Have you measured you original tubs' thickness?

Sheet metal gauge is often misunderstood, and it certainly doesn't help that gauge (gage) thicknesses are different for carbon steel, galvanized steel, aluminum and stainless. Here's a chart that tells the range of the gage thicknesses:

http://www.coyotesteel.com/resources...ceranges.shtml

Hope this helps, Mark
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Last edited by weldtoride; 04-07-2013 at 08:12 PM.
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  #18  
Old 04-09-2013, 01:37 PM
WCRiot WCRiot is offline
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Still using the original wheel well at this time for the driver side. When I make the passenger side it will be much nicer looking because of the experience gained from the first one.

I decided to hook up my TIG welder and TIG these side. I have never TIG welded sheetmetal before. I have only TIG welded 4-5 times in my life. I am learning as I go



To get the radius rolled onto the edge of the wheel well I first hammered the corner to start moving the metal. I did this around the entire welded seam.

Then I placed my dolly on the inside of the wheel well to start creating the radius on the outside of the wheel well


I tried placing the dolly on the outside of the wheel well and hammering from the inside. I used a hammer with a high crown. This did not work as nicely. It does create a radius but again, not as even as a radius


The GOAL was to get the wheel well to fit and match the back seat frame contour. I accomplished this although the wheel well isn't very nice looking



So I started to TIG weld the other side. Again, the more I TIG the more practice I get. This side could have easily been MIG welded.

Not hammered yet
Opposite side TIG welded. Not sanded or hammered yet. Welds are a little better, but not much.


I know my welds look like crap compared to a lot of you experience guys. I'm not embarrassed that I don't have the skills that you may have. I am looking for advice.

The pictures posted with the advice written really helped me understand how to approach putting a radius in my wheel well. This is why I posted and this is why I will continue to post.
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  #19  
Old 04-10-2013, 06:37 AM
Peter Tommasini Peter Tommasini is offline
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[QUOTE=WCRiot;71870]Still using the original wheel well at this time for the driver side. When I make the passenger side it will be much nicer looking because of the experience gained from the first one.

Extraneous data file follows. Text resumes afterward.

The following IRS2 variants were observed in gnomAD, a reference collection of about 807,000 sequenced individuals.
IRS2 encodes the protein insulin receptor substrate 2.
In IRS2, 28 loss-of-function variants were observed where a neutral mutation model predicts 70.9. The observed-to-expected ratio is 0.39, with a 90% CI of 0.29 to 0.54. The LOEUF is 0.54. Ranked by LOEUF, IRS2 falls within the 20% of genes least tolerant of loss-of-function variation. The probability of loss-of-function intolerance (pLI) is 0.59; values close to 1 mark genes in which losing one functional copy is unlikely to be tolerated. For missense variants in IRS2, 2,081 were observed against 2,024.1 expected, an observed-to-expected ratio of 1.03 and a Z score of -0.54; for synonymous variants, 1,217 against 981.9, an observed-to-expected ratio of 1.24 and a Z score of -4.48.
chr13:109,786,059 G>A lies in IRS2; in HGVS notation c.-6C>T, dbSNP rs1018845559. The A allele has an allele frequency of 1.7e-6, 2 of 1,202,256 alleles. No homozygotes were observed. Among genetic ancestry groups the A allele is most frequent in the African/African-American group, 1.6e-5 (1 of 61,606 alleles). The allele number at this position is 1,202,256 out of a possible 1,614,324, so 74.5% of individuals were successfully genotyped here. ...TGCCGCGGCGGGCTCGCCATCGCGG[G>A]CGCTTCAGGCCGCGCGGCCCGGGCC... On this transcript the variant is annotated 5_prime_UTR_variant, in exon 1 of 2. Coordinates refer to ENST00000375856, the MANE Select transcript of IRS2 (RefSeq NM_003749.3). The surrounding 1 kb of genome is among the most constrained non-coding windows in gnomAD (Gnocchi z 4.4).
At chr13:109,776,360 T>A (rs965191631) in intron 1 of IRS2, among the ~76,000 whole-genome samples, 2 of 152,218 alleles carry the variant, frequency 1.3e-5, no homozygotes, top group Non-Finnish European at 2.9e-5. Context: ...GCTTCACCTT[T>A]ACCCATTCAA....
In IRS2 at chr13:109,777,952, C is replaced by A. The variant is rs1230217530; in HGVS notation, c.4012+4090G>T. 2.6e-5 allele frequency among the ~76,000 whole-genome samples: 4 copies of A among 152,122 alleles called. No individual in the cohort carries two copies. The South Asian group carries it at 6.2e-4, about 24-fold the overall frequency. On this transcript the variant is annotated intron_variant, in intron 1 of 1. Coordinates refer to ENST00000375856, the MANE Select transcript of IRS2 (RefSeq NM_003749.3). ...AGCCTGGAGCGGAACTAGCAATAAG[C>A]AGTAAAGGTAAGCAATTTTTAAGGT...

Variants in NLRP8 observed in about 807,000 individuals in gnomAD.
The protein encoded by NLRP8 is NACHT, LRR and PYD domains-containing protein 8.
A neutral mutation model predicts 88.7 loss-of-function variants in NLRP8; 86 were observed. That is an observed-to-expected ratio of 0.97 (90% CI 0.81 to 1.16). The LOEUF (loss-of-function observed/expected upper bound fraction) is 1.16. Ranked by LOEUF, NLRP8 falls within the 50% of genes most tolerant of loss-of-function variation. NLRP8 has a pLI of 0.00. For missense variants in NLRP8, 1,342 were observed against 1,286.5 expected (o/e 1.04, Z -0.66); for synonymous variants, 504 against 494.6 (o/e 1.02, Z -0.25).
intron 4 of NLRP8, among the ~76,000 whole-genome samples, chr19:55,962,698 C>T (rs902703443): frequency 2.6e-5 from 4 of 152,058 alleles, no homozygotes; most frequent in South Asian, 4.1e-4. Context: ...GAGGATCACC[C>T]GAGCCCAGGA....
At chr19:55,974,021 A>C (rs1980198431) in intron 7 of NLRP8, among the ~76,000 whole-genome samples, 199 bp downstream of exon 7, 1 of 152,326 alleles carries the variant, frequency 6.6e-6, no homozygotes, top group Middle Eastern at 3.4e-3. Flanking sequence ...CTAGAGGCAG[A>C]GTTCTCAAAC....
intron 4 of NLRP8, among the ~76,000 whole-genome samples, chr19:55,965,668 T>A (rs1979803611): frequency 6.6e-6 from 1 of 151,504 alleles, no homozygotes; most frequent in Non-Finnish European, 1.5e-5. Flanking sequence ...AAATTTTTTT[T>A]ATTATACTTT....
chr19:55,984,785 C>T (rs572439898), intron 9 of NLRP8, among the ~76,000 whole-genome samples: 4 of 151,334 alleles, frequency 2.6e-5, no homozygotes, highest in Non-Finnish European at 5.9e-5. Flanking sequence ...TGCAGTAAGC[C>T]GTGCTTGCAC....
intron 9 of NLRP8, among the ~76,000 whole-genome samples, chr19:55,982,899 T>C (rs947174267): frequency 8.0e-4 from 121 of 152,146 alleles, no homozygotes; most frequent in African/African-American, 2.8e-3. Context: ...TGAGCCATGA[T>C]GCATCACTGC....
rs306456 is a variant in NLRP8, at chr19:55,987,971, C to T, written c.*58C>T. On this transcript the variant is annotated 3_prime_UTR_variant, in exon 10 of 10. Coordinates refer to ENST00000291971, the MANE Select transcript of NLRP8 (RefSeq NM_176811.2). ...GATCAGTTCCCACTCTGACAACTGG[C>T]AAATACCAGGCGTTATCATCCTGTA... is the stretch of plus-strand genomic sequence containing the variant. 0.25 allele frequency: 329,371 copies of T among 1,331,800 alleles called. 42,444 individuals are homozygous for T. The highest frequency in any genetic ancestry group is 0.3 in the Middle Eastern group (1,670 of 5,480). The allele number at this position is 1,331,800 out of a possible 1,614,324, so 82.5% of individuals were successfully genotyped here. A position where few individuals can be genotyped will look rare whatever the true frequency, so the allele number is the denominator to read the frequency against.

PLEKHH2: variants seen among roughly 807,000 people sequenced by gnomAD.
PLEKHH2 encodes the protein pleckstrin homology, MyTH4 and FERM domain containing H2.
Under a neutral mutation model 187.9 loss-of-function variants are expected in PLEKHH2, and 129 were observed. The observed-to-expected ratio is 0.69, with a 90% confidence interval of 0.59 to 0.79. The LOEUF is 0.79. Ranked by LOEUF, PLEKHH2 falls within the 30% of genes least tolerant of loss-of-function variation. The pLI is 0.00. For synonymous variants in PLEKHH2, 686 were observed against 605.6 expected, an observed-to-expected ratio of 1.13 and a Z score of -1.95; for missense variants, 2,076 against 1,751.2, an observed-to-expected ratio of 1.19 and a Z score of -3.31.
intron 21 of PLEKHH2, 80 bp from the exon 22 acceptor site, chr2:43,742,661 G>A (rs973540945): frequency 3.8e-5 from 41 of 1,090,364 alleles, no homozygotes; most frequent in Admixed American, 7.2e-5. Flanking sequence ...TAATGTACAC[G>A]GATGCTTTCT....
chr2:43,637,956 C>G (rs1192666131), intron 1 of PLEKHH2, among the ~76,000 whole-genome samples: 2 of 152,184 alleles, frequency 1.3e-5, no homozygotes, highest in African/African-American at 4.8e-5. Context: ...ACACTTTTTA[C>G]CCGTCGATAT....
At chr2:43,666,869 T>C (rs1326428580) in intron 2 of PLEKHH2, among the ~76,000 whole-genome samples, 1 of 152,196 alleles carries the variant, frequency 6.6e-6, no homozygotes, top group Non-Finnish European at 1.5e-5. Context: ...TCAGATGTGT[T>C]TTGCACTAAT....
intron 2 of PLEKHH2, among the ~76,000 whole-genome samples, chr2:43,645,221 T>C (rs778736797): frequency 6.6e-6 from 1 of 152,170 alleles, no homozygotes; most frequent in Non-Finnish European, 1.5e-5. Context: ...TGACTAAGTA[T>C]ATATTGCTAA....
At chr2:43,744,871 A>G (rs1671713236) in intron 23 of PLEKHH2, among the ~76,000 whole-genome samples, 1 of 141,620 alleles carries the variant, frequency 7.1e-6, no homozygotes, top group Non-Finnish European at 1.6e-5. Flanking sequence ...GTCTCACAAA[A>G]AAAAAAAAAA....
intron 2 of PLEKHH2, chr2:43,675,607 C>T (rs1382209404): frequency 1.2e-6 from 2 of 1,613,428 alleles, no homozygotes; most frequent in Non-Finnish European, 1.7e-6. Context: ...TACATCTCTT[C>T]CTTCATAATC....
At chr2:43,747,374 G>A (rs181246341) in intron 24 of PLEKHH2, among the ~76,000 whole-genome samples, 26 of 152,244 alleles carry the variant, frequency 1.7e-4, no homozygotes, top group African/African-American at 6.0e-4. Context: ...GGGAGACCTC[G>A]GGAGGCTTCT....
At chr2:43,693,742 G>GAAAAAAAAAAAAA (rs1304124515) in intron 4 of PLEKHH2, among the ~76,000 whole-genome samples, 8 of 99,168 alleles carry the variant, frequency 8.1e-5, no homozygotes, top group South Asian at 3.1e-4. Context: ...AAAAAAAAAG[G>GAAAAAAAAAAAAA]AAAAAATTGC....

I decided to hook up my TIG welder and TIG these side. I have never TIG welded sheetmetal before. I have only TIG welded 4-5 times in my life. I am learning as I go



To get the radius rolled onto the edge of the wheel well I first hammered the corner to start moving the metal. I did this around the entire welded seam.

Then I placed my dolly on the inside of the wheel well to start creating the radius on the outside of the wheel well


I tried placing the dolly on the outside of the wheel well and hammering from the inside. I used a hammer with a high crown. This did not work as nicely. It does create a radius but again, not as even as a radius


The GOAL was to get the wheel well to fit and match the back seat frame contour. I accomplished this although the wheel well isn't very nice looking



So I started to TIG weld the other side. Again, the more I TIG the more practice I get. This side could have easily been MIG welded.

Not hammered yet
Opposite side TIG welded. Not sanded or hammered yet. Welds are a little better, but not much.


I know my welds look like crap compared to a lot of you experience guys. I'm not embarrassed that I don't have the skills that you may have. I am looking for advice.

The pictures posted with the advice written really helped me understand how to approach putting a radius in my wheel well. This is why I posted and this is why I will continue to post

HI Todd you need to practice on your welding or it will be to hard to get a nice finish, the secret is to join the sheet 50/50.. in another words lie one on top of the other and have kind of a small V like track.... then eighter wit tig or oxy run it in without using wire if possible, then smash the weld down from a corner to a desire radius by using the right dolly
Peter
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  #20  
Old 04-10-2013, 10:17 AM
WCRiot WCRiot is offline
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Peter how should i do this when my pieces mate together 90degrees?
Should i fold the edge of one piece so that i can create the overlap like you mention?

That seems like it would be very difficult on a NOT straight edge. Referring to the arc of the side wall of the wheel well.
I might be able to take the top piece and fold that UP on the edge to create overlap. BUT then how would i hammer form the edge to a nice radius?

I have purchased some thicker gauge sheet to make the other side's wheel well with. This should help with the welding. I only burned through in a few spots when I was getting frustrated. This can improve.

By the way. These are a bunch of tack welds, not a continuous weld.
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Last edited by WCRiot; 04-10-2013 at 11:04 AM.